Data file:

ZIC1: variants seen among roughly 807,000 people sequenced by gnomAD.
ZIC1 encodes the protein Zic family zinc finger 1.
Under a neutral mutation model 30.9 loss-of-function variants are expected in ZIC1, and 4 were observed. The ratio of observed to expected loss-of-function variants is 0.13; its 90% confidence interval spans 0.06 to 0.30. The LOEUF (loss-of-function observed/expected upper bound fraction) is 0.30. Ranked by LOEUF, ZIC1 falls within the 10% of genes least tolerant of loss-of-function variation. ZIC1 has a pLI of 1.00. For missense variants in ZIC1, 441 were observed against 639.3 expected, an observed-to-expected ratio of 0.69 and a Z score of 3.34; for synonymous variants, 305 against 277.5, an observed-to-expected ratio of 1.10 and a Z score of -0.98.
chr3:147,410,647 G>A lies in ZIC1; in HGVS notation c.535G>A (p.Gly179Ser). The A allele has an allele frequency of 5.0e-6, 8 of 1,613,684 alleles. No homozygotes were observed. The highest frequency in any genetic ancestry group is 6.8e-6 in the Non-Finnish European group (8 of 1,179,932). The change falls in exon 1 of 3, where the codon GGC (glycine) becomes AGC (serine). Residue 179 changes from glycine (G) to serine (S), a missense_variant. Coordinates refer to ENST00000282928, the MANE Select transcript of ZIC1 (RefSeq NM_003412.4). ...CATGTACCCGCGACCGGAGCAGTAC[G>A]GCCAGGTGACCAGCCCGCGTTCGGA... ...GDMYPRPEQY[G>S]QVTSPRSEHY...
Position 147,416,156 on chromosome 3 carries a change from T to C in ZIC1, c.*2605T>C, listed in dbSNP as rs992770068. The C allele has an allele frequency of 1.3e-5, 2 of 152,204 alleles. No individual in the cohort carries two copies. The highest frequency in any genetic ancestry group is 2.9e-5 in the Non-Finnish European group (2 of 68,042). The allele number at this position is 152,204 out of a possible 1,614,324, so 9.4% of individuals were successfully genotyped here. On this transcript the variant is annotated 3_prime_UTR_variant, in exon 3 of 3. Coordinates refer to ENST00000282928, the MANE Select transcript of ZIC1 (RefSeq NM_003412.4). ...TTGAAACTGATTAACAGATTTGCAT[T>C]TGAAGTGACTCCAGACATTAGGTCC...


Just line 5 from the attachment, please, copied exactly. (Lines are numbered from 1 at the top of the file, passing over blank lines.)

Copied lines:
Position 147,416,156 on chromosome 3 carries a change from T to C in ZIC1, c.*2605T>C, listed in dbSNP as rs992770068. The C allele has an allele frequency of 1.3e-5, 2 of 152,204 alleles. No individual in the cohort carries two copies. The highest frequency in any genetic ancestry group is 2.9e-5 in the Non-Finnish European group (2 of 68,042). The allele number at this position is 152,204 out of a possible 1,614,324, so 9.4% of individuals were successfully genotyped here. On this transcript the variant is annotated 3_prime_UTR_variant, in exon 3 of 3. Coordinates refer to ENST00000282928, the MANE Select transcript of ZIC1 (RefSeq NM_003412.4). ...TTGAAACTGATTAACAGATTTGCAT[T>C]TGAAGTGACTCCAGACATTAGGTCC...